French intelligence agent Denis Allex was said to be killed in a raid to free… (SITE Monitoring Service…)
PARIS -- A French secret service agent kidnapped by Islamic fundamentalists in Somalia was killed in an attempt to free him, the government here said Saturday.
The French Defense Ministry said Denis Allex was fatally shot by his Al Shabab captors in the early hours Saturday during a commando raid by French forces. At least one French soldier was killed, as well as 17 Islamic militants, the government said.
Allex, an agent for the Direction Generale de la Security Exterieure, had been held hostage since being snatched in Mogadishu, the Somali capital, in July 2009. Officially, he was in Somalia to "help ... and advise the Somali government." He was taken from his hotel with one of his colleagues, who escaped a month later.
His captors accused him of spying for France.
Despite the government statement, a French news agency reported a claim from Al Shabab that Allex was still alive and being held by the group, which would "decide his fate" in the next few days.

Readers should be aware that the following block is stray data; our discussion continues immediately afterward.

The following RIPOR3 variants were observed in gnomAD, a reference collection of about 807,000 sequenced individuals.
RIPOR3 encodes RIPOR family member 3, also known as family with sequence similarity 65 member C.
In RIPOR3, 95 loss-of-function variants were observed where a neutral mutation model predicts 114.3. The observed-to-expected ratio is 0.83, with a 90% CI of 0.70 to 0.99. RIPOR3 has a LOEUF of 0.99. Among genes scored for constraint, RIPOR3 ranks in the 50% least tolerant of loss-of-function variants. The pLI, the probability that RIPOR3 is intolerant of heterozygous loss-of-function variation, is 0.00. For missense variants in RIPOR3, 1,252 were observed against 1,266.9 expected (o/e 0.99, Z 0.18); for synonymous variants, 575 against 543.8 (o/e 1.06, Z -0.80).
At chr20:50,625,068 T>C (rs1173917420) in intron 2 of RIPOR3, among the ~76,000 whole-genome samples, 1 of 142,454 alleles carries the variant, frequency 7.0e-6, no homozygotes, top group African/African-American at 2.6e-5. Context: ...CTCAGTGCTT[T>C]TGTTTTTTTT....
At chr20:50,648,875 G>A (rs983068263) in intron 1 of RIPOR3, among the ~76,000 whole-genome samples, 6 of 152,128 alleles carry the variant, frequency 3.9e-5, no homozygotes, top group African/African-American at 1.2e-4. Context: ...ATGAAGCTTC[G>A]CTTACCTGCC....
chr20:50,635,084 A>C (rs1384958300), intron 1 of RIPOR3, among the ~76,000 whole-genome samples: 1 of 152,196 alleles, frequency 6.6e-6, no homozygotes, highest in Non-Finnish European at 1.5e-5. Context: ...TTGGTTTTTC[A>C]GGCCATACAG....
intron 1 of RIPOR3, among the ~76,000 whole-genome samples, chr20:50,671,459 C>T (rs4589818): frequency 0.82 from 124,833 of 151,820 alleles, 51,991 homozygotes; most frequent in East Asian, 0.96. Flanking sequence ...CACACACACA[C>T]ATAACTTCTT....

At a news conference Saturday morning, French Defense Minister Jean-Yves le Drian said that "everything leads us to believe" Allex has been killed, but he acknowledged that he could not be certain.
Le Drian's ministry defended the raid.
"Faced with the intransigence of the terrorists who have refused any negotiations for 3-1/2 years and who have kept Denis Allex in inhumane conditions, an operation was planned and put into action," the ministry said in a statement.
Helicopters attacked the Al Shabab hideout at 2 a.m. Saturday. Two civilians were killed in the crossfire, Ahmed Omar Mohamed, vice president of the region of Basse-Chabelle, told Reuters news service.
"Extremely violent combat ensued ... during which -- and I speak with caution -- everything leads us to believe that, sadly, Denis Allex was killed by his jailers. During this attempt to free their compatriot, a soldier lost his life from injuries and a soldier is reported missing," le Drian said.
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